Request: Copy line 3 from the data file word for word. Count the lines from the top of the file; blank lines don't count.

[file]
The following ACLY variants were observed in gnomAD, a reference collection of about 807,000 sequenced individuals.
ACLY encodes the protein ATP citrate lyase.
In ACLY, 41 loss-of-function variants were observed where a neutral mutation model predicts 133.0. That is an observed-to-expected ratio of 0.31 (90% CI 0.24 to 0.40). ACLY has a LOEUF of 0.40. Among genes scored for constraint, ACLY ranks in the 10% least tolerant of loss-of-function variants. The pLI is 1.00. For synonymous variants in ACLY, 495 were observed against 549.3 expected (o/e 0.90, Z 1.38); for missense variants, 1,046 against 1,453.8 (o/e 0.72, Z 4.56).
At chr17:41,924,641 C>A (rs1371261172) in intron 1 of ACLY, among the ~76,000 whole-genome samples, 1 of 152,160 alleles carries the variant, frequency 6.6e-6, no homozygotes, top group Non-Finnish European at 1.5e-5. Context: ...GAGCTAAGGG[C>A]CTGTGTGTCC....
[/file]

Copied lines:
In ACLY, 41 loss-of-function variants were observed where a neutral mutation model predicts 133.0. That is an observed-to-expected ratio of 0.31 (90% CI 0.24 to 0.40). ACLY has a LOEUF of 0.40. Among genes scored for constraint, ACLY ranks in the 10% least tolerant of loss-of-function variants. The pLI is 1.00. For synonymous variants in ACLY, 495 were observed against 549.3 expected (o/e 0.90, Z 1.38); for missense variants, 1,046 against 1,453.8 (o/e 0.72, Z 4.56).